February 1972Seventh emirate of Ras Al Khaimah joins the UAE federation.
1973The UAE joins OPEC and sees a massive influx of oil revenues after the oil crisis.
1981UAE Vice President Sheikh Rashid bin Saeed Al Maktoum initiates a strategic plan to diversify the economy beyond oil.
2004The UAE holds its first ever partially-elected parliament and advisory body elections.
2020The UAE launches its first mission to Mars, the Hope orbiter, cementing its space ambitions.
2021The UAE celebrates the 50th anniversary of its founding and announces the next 50 economic plan.

These events highlight the Trucial region’s origins, British influence, key milestones in UAE’s unification and development powered by oil, and its more recent diversification efforts and space achievements.

Who were the key figures in UAE’s history?

  • Sheikh Zayed bin Sultan Al Nahyan – The principal founding father who became the first President of the UAE in 1971 after already ruling Abu Dhabi since 1966. He unified the emirates and guided the country through its early decades.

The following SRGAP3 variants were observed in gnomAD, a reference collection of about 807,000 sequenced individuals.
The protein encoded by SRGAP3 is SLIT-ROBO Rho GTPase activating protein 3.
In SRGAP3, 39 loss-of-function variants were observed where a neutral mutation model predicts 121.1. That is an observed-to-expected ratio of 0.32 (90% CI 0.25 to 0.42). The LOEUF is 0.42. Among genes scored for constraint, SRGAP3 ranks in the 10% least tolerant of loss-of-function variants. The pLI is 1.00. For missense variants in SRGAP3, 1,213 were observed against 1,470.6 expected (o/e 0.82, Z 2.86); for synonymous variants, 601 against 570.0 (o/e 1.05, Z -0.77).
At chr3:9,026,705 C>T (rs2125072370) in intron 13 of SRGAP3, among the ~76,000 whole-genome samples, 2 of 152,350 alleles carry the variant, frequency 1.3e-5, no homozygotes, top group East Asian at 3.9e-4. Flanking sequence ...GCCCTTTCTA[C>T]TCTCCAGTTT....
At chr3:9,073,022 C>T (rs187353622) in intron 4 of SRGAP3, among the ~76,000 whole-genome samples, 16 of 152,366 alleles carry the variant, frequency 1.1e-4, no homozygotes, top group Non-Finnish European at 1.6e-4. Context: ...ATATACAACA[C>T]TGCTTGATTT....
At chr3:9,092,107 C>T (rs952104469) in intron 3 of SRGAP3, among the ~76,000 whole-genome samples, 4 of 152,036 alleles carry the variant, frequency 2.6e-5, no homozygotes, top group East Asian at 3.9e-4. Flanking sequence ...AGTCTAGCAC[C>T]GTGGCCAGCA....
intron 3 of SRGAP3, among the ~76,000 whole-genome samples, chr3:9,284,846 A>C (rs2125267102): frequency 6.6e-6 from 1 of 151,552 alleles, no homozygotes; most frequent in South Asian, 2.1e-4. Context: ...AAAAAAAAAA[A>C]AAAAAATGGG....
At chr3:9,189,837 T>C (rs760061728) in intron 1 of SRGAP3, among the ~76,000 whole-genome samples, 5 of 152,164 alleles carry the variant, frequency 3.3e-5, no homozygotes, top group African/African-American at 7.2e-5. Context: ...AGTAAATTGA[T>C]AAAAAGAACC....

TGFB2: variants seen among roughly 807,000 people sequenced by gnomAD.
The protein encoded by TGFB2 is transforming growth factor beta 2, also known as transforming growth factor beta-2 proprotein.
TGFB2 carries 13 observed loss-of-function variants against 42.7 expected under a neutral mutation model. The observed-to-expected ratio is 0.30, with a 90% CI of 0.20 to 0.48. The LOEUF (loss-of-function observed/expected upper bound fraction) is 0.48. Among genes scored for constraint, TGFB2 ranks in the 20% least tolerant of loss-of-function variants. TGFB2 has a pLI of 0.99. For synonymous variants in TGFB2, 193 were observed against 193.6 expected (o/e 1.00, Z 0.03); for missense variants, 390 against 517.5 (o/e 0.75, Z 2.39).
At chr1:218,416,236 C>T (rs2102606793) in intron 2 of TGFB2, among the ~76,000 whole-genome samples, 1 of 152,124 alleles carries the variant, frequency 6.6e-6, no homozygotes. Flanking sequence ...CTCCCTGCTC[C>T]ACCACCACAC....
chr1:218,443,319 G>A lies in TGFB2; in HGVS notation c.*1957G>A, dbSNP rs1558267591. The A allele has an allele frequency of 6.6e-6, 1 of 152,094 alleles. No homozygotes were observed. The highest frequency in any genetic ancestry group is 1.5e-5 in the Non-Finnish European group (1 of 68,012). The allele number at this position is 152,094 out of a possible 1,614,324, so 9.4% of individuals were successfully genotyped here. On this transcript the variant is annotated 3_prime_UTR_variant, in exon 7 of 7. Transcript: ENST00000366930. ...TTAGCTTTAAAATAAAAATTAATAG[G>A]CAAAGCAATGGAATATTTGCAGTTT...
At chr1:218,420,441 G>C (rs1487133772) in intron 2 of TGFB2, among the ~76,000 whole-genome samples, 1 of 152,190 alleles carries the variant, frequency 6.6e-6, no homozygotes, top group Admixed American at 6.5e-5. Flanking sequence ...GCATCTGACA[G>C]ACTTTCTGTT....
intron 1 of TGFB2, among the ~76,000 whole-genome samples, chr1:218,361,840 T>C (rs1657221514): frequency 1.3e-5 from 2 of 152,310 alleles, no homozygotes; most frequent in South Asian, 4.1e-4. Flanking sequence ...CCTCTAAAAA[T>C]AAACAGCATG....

• Sheikh Rashid bin Saeed Al Maktoum – The influential ruler of Dubai who initially opposed UAE unification but later joined as Vice President in 1971. He helped transform Dubai into a major business hub.
  • Sheikh Khalifa bin Zayed Al Nahyan – The current President, he succeeded his father Sheikh Zayed in 2004 and has continued economic diversification and development policies.
  • Sheikh Mohammed bin Rashid Al Maktoum – The current Prime Minister, Vice President and ruler of Dubai, he has overseen Dubai’s explosive growth as a global city since the 2000s.
  • Sheikh Saqr bin Mohammed Al Qasimi – The longest-serving ruler, he governed Ras Al Khaimah for over 60 years until 2010 and opposed British influence.

What role did oil play in shaping UAE’s history?

  • Prior to oil’s discovery, the region was very underdeveloped, with a subsistence economy based on fishing, pearls and basic trade.
  • In the 1950s-60s, major offshore oil deposits began to be exploited, providing vast wealth that funded infrastructure, development and social services.
  • Oil revenues allowed the UAE to rapidly modernize after gaining independence, transforming from a poor backwater to a wealthy nation in a few decades.